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Avengers: Infinity War (2018)

Spoilers ahead, beware! I’d say, with this movie the statue of limitations is short, and everybody is going to see it anyway, so there’s no point in writing a spoiler-free review 😉

avengers-infinity-war-ground-rules

We went our friend Rodzyn to see the new Avengers movie on the very first day it was being played in Poland. It certainly is a complex, carefully constructed story of epic proportions, aiming to be a climax of the entire theatrical MCU so far. Most of the heroes we’ve met meet to fight the ultimate threat – Thanos. He’s been looming on the horizon since The Avengers, and now stepped up to become THE villain.

So… did they succeed, is it the greatest team-up, the biggest foe, the most epic struggle and the most heart-wrenching story of the MCU?

Piotrek: It… well, it is, for me. Not the best MCU movie, but definitely the proper culmination (or at least the first part of…) of all the interweaving storylines. The scale is bigger than anything that happened before, and a chaotic disaster on the DC scale was a real risk – but it works! It works, because we had a decade to prepare and now it just click together nicely.

Ola: I’m not sure if this indeed is a culmination – or, to be more precise, a final one. The superheroes surely deal with the biggest and baddest foe to date, and it is the most epic struggle of the MCU as we know it. However, the heart-wrenching part is a definite exaggeration on your part, Piotrek ;). It’s a wonderfully made, cleverly written, visually arresting, truly funny and sometimes even quite emotionally gripping – money grab 🙂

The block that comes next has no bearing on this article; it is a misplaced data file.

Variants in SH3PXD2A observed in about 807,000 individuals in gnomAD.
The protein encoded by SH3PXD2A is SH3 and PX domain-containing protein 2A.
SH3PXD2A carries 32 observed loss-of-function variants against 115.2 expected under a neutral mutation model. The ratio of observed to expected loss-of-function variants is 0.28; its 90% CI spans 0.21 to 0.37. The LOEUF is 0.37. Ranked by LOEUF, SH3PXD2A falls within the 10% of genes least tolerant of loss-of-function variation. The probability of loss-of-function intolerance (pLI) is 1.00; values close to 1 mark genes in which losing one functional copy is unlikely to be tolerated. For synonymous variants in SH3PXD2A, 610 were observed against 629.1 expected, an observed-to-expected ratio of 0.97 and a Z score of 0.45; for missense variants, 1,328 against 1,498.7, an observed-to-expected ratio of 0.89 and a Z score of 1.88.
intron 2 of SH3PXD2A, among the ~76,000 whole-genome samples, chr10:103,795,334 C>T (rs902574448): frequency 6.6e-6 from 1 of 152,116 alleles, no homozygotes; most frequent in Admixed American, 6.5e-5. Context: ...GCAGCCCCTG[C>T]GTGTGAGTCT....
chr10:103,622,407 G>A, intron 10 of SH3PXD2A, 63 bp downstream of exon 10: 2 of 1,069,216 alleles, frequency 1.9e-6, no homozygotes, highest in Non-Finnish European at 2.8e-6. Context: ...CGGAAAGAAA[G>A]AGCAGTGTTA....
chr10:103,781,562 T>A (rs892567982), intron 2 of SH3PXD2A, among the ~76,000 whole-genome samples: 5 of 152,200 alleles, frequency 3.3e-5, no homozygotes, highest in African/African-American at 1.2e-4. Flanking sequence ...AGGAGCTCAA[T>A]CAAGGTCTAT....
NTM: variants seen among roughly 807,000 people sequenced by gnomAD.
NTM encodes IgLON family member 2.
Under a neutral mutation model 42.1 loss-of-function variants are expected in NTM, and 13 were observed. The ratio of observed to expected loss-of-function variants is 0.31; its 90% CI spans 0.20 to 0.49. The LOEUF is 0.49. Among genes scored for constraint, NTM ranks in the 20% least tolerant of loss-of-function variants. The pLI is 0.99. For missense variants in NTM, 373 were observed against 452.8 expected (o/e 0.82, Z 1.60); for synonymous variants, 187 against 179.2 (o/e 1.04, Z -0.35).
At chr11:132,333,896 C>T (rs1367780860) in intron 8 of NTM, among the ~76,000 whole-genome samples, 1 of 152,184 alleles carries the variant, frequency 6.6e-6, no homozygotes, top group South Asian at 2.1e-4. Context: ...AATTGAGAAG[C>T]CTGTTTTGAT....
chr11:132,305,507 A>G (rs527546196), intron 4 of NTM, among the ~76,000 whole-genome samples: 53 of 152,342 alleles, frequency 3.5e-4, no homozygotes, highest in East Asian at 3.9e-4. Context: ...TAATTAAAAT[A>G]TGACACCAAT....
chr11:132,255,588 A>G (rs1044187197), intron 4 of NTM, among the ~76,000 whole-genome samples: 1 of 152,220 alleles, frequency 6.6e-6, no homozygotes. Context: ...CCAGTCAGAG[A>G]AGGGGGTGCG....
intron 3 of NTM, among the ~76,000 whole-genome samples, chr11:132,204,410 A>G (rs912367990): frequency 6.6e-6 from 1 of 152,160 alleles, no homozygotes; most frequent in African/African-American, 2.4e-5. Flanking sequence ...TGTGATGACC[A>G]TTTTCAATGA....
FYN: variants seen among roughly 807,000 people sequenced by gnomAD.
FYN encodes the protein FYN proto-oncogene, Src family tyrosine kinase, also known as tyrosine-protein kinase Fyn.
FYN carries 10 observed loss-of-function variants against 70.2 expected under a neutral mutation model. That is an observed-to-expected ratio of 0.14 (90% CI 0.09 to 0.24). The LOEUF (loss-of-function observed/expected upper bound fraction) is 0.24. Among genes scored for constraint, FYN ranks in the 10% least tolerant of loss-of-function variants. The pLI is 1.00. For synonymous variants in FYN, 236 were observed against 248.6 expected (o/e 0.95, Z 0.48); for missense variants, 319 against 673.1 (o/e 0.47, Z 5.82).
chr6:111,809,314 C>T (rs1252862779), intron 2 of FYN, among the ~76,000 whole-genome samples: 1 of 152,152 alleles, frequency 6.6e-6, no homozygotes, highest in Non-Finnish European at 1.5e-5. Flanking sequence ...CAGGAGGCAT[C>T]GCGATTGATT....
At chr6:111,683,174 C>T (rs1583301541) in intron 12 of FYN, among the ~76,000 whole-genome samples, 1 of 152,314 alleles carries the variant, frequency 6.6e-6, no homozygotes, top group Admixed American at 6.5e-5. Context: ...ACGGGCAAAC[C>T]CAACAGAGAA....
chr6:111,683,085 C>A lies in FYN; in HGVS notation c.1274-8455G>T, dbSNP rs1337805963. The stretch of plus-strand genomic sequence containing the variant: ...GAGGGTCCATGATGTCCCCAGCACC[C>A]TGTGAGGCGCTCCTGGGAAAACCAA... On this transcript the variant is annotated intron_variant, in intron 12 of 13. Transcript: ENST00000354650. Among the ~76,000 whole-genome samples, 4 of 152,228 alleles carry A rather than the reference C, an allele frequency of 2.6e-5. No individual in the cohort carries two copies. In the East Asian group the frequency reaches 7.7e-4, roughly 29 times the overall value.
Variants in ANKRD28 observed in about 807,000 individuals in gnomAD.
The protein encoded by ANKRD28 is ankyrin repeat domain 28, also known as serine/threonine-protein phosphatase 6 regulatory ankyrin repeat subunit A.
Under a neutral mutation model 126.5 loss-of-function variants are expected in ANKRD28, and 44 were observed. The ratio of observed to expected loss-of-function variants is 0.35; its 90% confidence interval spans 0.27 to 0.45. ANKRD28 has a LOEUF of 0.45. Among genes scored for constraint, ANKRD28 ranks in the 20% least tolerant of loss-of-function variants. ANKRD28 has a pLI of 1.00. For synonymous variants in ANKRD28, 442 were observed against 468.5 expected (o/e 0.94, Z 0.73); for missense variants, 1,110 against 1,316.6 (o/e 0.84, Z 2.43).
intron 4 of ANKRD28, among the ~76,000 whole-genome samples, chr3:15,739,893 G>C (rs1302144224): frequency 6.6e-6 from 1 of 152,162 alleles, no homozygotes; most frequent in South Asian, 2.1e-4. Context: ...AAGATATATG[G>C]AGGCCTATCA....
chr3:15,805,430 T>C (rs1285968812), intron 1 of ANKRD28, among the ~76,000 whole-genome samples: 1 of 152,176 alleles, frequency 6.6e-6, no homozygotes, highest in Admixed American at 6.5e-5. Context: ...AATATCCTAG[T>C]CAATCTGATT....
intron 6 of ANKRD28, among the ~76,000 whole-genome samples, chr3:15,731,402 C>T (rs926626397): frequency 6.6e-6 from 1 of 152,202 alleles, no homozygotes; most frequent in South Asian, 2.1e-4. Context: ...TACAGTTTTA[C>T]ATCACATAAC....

Piotrek: Isn’t everything. But it’s quite a good one, as blockbusters go. And it’s more than just a sequence of fights and quips.

Rodzyn: It’s hard not to admire the weavers behind MCU mentioned by Piotrek . After all those years we get to the skilfully crafted final stage, one that avid viewer can enjoy immensely. But neither the decor of epic battlefields nor the sheer number of assembled heroes gave me the most joy. In my eyes the best part of MCU are the relations and dynamics between our protagonists, ‘family drama’ feel of supernatural gathering.